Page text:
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Legge Calve Perthese disease S.M. Mazloumi Associate professor in orthopedics

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  • Legge – Calve – Perthese disease

    S.M. Mazloumi

    Associate professor in orthopedics

  • Legg- Calve – Perthes disease

  • Anatomy

  • Acetabular retroversion

  • Etiology of Legg-Calve-Perthes Disease

    Factors That May Be Etiologic • Trauma • Susceptible child • Hereditary factors • Coagulopathy • Hyperactivity • Passives moking Factors Unlikely To Be Etiologic • Endocrinopathy • Urban environment • Synovitis

  • Clinical Features of Legg-Calve-Perthes Disease

    • Onset: between 18months of age and

    skeletal maturity (most prevalent between 4

    and 12years of age)

    • Male sex prevalence: the disease is four or

    five times more likely to develop in boys than

    in girls

    • Involvement:

    bilateral in 10%to 12% of patients

  • Clinical Features of Legg-Calve-Perthes Disease

    Symptoms

    -limp that is exacerbated by activity and alleviated with rest

    -pain, which may be located in the groin,anterior hip region, medial knee joint or laterally around the greater Trochanter

    - history of antecedent trauma

  • Clinical Features of Legg-Calve-Perthes Disease

    Signs

    - Abductor limp

    - Decreased range of motion of the hip, especially on abduction and internal rotation

    - Flexion/extension less affected

  • Symptoms and Signs of Legg-Calve- Perthes Disease

    Symptoms • Limping • Hip pain • Knee pain • History of trauma (?) Signs • Limp • Decreased hip range of motion • Spasm of long muscle around hip joint

  • Pathologic Findings of Legg-Calve- Perthes Disease

    Early Stage • Dead trabecular bone , Collapsed trabeculae • Thickened articular cartilage , Physeal disruption • Cartilage extending from the physis into the

    metaphysis Fragmentation Stage • Invasion of vascular granulation tissue • New bone forming on old trabeculae • Woven new bone formation Healing Stage • New bone, woven and lamellar • Return to normai architecture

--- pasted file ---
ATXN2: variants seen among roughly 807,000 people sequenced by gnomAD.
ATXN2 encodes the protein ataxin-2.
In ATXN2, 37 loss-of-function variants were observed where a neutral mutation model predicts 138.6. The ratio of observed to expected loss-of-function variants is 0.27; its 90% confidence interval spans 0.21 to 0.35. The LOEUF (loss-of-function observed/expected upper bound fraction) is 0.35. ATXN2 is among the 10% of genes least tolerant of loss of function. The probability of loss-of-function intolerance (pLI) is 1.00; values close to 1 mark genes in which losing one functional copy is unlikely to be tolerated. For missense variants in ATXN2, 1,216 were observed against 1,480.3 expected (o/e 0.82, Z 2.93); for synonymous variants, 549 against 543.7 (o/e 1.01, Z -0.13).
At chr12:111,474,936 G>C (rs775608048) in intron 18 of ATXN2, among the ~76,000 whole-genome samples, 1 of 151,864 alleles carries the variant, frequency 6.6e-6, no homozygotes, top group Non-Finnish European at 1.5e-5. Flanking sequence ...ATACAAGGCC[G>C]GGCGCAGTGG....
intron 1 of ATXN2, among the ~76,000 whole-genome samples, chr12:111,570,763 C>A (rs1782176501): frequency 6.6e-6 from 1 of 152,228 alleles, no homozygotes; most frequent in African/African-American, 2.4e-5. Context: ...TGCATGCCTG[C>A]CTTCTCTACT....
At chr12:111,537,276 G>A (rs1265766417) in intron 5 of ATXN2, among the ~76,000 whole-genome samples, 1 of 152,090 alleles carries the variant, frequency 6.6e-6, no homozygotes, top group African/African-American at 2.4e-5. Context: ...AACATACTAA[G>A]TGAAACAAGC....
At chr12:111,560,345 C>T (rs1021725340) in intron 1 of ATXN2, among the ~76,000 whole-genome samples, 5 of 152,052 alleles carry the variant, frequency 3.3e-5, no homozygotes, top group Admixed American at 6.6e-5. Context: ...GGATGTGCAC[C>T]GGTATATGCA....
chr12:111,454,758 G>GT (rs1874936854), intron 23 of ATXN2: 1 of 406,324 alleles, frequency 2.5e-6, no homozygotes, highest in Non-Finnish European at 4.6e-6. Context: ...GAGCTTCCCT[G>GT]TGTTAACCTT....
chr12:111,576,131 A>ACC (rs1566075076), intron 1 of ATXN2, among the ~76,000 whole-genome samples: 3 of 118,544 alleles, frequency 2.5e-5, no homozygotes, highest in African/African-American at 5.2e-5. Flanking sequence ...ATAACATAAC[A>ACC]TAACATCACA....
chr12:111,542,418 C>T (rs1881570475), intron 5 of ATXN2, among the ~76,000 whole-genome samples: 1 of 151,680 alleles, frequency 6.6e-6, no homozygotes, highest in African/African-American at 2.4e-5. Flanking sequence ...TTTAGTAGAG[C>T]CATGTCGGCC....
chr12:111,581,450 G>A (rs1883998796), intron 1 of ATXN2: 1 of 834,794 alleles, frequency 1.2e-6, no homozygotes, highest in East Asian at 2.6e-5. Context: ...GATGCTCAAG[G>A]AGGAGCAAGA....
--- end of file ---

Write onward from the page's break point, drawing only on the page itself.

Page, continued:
• Differential Diagnosis for Legg-Calve- Perthes Disease

    Other Causes of Avascular Necrosis

    • Sickle cell disease

    • Other hemoglobinopathies

    • Thalassemia

    • Steroid medication

    • After traumatic hip dislocation

    • Treatment of developmental dysplasia of

    • the hip

  • Differential Diagnosis for Legg-Calve- Perthes Disease

    Epiphyseal Dysplasias

    • Muitiple epiphyseal dysplasia

    • Spondyloepiphyseal dysplasia

    • Mucopolysaccharidoses

    • Hypothyroidism

  • Differential Diagnosis for Legg-Calve- Perthes Disease

    Other Syndromes

    • Osteochondromatosis

    • Metachondromatosis

    • Schwartz-Jam pel syndrome

    • Trichorhinophalangeal syndrome

    • Maroteaux-Lamy syndrome

  • Caterall classification

    • Group I, partial head or less than half head involvement;

    • Groups II and III, more than half head involvement and sequestrum formation

    • Group IV, involvement of the entire epiphysis

  • Lateral pillar classification

  • Imaging Evaluation

  • Imaging Evaluation

  • X-Ray

  • Imaging Evaluation

    • MRI

    • Bone scan

    • Arthrography

    • X-ray

  • Treatment

    The primary aim of treatment of Legg-Calv-Perthes disease is containment of the femoral head within the acetabulum

  • Bracing

  • Bracing

  • Varus Derotational Osteotomy

  • Proximal femoral varus osteotomy

  • Proximal femoral valgus osteotomy

  • Valgus osteotomy

  • Triple ost.

  • Shelf acetabuloplasty

  • Chiari osteotomy

  • Triple pelvic osteotomy

  • Double-level osteotomy

  • Greater trochanteric advancement

  • Treatment

    1. Most patients can be treated by noncontainment methods and obtain good results (84%). 2. Satisfactory clinical results frequently can be obtained at long-term follow-up despite an unsatisfactory radiographic appearance (nine hips). 3. The Catterall classification is a valid indicator of results, but is not applicable as a therapeutic guide for an average of 8.1 months after onset

  • Treatment

    4. Head-at-risk signs added little to the Catterall classification as a prognostic indicator or therapeutic guide. 5. All of the fair and poor results were in patients with Catterall III or IV involvement and onset of the disease at age 6 or older. (A Catterall III or IV classification is equivalent to Herring groups B and C.)

  • Scott – Schlatter disease

  • Scott – Schlatter disease